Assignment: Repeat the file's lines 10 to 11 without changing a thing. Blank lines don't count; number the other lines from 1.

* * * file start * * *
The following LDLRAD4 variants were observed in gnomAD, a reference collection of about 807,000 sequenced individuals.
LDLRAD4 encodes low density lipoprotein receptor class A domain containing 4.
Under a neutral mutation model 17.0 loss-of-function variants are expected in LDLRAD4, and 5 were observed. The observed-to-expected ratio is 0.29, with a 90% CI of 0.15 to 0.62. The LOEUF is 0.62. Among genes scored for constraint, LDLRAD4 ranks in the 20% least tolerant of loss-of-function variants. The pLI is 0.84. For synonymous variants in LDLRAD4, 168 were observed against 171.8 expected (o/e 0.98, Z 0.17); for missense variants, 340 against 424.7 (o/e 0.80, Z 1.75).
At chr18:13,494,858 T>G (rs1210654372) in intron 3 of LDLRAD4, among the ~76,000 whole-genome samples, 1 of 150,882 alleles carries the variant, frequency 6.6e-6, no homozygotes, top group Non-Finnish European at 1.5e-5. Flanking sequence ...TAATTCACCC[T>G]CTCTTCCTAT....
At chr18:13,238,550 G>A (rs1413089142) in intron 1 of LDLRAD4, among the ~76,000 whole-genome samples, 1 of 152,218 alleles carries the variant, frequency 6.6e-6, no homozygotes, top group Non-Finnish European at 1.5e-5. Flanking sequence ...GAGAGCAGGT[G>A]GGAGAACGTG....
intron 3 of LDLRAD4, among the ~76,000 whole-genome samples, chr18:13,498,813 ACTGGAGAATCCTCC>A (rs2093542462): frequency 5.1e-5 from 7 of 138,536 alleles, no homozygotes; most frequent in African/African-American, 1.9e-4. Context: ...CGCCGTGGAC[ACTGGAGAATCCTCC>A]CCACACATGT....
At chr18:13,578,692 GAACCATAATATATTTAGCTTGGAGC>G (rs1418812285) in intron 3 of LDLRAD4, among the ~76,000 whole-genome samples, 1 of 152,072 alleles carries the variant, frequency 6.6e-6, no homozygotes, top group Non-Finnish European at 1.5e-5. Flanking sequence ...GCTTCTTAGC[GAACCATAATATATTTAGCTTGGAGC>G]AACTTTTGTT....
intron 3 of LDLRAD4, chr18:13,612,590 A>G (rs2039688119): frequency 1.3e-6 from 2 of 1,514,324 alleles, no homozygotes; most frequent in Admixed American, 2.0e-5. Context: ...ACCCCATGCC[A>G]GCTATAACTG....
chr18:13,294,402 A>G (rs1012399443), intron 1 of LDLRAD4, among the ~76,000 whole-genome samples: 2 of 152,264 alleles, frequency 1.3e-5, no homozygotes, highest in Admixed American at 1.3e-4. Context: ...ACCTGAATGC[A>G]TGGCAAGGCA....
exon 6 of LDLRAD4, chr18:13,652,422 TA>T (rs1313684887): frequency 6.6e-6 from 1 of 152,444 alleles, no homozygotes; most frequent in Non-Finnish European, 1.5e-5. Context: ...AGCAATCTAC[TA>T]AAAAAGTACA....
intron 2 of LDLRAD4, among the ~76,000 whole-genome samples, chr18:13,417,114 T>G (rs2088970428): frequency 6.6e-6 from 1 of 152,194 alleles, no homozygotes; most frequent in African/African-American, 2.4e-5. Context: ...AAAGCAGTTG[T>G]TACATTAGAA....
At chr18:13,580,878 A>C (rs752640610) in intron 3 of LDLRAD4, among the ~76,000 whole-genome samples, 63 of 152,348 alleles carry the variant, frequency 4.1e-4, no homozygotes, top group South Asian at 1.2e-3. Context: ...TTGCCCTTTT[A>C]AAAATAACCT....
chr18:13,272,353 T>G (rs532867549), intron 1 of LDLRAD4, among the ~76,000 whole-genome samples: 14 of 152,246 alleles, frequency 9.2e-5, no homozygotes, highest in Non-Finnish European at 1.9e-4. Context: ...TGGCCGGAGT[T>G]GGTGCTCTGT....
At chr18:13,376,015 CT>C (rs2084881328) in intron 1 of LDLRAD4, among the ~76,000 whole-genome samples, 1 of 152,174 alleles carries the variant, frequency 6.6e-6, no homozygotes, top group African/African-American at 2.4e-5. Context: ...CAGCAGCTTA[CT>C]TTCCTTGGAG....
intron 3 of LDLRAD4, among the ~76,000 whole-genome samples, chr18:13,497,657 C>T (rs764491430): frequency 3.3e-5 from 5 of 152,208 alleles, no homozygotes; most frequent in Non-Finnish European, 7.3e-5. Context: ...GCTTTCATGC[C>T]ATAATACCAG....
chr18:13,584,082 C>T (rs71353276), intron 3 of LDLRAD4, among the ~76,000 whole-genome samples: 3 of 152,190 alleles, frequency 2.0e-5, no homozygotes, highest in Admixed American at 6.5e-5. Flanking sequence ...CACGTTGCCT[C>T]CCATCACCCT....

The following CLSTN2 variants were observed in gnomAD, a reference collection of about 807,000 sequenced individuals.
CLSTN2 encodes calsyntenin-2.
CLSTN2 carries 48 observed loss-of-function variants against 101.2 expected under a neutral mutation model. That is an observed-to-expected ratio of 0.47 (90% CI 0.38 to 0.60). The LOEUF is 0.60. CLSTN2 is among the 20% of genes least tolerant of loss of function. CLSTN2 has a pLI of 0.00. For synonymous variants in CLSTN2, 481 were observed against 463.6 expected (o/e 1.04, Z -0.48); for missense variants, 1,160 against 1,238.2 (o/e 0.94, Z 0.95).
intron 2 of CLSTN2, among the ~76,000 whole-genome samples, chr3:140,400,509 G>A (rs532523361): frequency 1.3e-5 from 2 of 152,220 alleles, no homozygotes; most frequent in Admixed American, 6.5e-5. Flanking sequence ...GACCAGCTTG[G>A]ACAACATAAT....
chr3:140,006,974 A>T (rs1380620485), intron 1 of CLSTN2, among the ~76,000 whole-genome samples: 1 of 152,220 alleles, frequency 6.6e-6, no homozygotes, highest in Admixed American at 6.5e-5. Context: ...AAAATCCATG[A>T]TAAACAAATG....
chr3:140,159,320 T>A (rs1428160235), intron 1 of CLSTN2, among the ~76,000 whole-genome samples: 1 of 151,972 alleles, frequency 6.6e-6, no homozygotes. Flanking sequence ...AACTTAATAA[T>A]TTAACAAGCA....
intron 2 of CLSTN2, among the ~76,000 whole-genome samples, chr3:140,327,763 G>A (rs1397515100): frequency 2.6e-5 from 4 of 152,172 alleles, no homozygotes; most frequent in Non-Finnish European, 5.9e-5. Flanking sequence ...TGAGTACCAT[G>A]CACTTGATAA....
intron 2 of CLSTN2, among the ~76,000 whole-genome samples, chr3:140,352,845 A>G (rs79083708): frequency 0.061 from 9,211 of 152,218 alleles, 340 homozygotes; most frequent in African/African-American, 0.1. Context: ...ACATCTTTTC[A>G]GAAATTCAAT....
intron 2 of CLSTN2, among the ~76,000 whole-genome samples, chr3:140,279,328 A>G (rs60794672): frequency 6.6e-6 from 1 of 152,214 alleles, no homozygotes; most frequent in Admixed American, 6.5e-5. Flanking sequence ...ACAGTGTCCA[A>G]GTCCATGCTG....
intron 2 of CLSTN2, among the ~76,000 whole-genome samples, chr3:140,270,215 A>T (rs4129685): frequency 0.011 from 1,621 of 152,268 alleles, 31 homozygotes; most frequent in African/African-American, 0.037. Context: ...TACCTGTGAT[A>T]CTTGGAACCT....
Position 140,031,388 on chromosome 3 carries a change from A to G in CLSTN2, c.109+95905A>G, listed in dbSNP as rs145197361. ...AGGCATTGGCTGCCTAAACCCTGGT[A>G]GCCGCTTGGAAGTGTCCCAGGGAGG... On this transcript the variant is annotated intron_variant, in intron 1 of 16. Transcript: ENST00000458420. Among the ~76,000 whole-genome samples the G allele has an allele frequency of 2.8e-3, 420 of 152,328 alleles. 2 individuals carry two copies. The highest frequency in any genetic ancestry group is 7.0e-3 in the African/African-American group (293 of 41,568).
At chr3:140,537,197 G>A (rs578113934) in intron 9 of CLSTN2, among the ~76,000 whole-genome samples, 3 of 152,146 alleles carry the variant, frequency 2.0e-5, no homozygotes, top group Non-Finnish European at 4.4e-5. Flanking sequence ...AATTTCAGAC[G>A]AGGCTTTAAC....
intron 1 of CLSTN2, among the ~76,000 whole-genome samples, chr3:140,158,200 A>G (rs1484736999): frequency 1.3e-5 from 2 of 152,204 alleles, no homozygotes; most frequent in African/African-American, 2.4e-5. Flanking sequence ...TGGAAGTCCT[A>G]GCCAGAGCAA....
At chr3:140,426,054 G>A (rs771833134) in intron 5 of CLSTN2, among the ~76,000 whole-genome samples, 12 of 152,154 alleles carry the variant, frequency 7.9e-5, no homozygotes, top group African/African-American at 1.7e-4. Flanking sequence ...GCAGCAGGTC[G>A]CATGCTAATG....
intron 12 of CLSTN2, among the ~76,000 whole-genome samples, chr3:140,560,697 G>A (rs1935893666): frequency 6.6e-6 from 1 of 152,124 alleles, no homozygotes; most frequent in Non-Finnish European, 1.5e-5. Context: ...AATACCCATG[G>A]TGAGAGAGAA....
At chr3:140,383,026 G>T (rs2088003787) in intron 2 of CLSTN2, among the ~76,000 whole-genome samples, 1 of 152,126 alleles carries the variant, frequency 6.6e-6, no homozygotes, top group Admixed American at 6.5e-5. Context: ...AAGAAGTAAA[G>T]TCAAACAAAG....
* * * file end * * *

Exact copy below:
exon 6 of LDLRAD4, chr18:13,652,422 TA>T (rs1313684887): frequency 6.6e-6 from 1 of 152,444 alleles, no homozygotes; most frequent in Non-Finnish European, 1.5e-5. Context: ...AGCAATCTAC[TA>T]AAAAAGTACA....
intron 2 of LDLRAD4, among the ~76,000 whole-genome samples, chr18:13,417,114 T>G (rs2088970428): frequency 6.6e-6 from 1 of 152,194 alleles, no homozygotes; most frequent in African/African-American, 2.4e-5. Context: ...AAAGCAGTTG[T>G]TACATTAGAA....